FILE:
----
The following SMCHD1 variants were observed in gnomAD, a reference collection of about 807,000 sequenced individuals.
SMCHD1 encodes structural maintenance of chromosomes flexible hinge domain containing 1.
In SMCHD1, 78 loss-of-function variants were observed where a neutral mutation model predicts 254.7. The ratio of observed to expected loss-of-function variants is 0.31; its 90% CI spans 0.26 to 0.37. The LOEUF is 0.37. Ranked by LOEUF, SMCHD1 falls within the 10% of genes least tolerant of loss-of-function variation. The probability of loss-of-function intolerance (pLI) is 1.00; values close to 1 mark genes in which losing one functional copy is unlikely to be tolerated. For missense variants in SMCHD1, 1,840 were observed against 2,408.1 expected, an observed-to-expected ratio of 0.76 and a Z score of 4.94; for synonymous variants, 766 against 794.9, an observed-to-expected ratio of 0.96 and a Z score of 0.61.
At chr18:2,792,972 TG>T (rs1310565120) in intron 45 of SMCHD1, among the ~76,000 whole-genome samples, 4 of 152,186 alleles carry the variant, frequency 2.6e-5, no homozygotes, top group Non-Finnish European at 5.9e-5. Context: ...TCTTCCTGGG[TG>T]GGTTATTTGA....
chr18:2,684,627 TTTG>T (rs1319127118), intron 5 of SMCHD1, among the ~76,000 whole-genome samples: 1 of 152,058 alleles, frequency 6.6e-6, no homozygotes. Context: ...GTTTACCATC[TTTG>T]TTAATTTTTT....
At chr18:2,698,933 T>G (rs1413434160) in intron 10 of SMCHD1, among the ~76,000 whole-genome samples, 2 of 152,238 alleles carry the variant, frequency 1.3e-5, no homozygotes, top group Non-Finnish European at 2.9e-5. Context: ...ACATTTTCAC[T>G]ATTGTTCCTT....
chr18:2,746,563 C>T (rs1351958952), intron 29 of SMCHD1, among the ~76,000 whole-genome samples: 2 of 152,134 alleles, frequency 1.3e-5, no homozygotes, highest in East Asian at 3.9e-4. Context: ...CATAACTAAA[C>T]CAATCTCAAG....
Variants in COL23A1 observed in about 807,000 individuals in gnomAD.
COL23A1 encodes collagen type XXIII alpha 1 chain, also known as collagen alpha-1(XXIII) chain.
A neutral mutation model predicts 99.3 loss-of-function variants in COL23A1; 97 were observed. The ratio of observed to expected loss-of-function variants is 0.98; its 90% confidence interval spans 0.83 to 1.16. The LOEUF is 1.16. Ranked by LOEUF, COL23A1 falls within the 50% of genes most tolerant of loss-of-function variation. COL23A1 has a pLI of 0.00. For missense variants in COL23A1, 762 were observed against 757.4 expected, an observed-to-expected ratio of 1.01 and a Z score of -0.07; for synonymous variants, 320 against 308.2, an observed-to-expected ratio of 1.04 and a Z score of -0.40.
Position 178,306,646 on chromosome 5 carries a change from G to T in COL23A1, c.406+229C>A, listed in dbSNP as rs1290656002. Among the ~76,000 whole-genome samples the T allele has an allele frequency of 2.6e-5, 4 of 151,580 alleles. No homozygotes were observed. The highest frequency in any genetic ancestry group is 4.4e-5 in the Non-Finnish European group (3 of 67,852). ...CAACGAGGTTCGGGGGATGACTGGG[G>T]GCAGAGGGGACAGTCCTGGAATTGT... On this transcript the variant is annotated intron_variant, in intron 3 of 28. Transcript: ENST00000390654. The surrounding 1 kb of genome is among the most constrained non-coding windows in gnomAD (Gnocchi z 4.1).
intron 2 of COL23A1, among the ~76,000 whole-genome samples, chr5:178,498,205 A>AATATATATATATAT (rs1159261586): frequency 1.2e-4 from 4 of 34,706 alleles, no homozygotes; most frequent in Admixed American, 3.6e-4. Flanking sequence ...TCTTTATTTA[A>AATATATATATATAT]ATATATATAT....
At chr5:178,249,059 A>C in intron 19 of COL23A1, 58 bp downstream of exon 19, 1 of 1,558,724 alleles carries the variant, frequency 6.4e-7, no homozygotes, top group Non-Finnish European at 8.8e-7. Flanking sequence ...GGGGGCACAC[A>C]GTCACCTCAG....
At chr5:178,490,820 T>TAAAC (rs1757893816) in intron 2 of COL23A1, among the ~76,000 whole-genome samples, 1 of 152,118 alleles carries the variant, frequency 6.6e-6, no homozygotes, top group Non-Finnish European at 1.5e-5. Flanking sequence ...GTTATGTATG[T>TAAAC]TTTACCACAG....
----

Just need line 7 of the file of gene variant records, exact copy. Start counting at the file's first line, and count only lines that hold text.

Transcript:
chr18:2,746,563 C>T (rs1351958952), intron 29 of SMCHD1, among the ~76,000 whole-genome samples: 2 of 152,134 alleles, frequency 1.3e-5, no homozygotes, highest in East Asian at 3.9e-4. Context: ...CATAACTAAA[C>T]CAATCTCAAG....